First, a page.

2017 RPS Composition Prize winner
Commission: chamber work, Philharmonia Orchestra, Music of Today 2018
"If music doesn't echo life,
it is nothing but noise"
Austin Leung (2016)
In 2008, Leung was awarded a half scholarship to study in the University of Hong Kong, majoring in Medical Engineering. In his second year of study, he occasionally joined the university choir which served as the enlightenment of his music journey. Being inspired deeply, he started learning and practicing music for around 6 hours a day. Two years later, he acquired his first ABRSM Grade 5 and Grade 8 certificates in both violin and music theory.
In 2010, Leung realized that no matter how hard he practices, it is far too late to start a career becoming a violinist. Still wishing to embark a music career, Leung started learning composition, which he fell more in love day by day. In 2014, Leung quitted his full-time job and went to study a full-time Advance Diploma (composition) at the Hong Kong Academy for Performing Arts.
Leung’s composition is distinctive in its manner of integrating contrasting musical materials in the same work. Materials range from tonal, expressive melodies to brutal contemporary noise. Such a compositional approach echoes Leung’s philosophical belief that the world is united, but also diversified. If the most contradicting musical materials can collaborate perfectly in a same piece of music, human, regardless of his background or culture, should be able to coexist in the same world without discrimination, prejudice, and war. Such a message is especially important in this era and Leung believes that music is one of the most effective platforms to deliver the message.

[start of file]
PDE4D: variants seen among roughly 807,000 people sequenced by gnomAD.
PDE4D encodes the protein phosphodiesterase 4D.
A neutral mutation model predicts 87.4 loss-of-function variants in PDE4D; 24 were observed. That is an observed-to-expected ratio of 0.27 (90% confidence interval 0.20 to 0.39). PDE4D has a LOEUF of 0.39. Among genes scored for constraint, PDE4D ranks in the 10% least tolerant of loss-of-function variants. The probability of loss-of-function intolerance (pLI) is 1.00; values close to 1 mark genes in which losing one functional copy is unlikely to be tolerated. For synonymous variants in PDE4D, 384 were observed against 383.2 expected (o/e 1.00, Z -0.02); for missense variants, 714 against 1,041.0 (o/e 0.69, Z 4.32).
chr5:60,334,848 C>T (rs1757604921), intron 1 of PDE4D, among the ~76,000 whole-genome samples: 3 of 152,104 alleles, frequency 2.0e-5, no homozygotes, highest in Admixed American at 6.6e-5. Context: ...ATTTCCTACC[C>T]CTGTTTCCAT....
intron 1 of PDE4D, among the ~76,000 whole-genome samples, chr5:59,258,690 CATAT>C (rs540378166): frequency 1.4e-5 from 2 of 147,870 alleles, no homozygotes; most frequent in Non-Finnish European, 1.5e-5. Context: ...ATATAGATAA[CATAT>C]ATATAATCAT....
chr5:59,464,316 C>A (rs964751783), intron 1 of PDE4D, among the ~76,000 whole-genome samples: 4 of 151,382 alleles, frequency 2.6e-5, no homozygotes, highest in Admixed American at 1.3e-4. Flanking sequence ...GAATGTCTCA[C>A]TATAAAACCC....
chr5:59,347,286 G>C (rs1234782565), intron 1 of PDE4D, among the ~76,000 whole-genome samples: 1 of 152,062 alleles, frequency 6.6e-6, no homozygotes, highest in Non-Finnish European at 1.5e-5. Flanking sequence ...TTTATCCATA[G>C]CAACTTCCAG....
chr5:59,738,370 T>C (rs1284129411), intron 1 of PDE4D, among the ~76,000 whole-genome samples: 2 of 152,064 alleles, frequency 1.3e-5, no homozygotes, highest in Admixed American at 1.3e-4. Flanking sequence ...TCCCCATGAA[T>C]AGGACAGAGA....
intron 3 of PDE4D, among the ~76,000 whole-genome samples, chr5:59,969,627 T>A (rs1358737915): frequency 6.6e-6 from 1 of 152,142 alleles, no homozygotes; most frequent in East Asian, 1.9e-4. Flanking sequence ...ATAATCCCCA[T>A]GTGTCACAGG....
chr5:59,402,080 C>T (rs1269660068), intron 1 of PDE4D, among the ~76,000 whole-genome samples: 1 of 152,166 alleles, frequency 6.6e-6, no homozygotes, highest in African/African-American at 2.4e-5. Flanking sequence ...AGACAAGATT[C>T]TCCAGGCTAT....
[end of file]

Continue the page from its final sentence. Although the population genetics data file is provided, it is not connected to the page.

Retaining this belief, Leung's music has won a number of prizes and awards in the past years, including the Royal Philharmonic Society Prize 2017.
With the support of the Hong Kong Jockey Club Music and Dance Fund, Leung is currently studying Master of Music (composition) in the Royal Academy of Music, London.
Bob Lockyer: Seeing and hearing new dance with a specially composed score is exciting. That's why I asked the RPS to look after the Drummond Fund.
DID YOU KNOW?
An early Philharmonic superstar was the virtuoso double bassist Domenico Dragonetti. He brought his dog Carlo to performances, and commanded higher fees than almost any other player.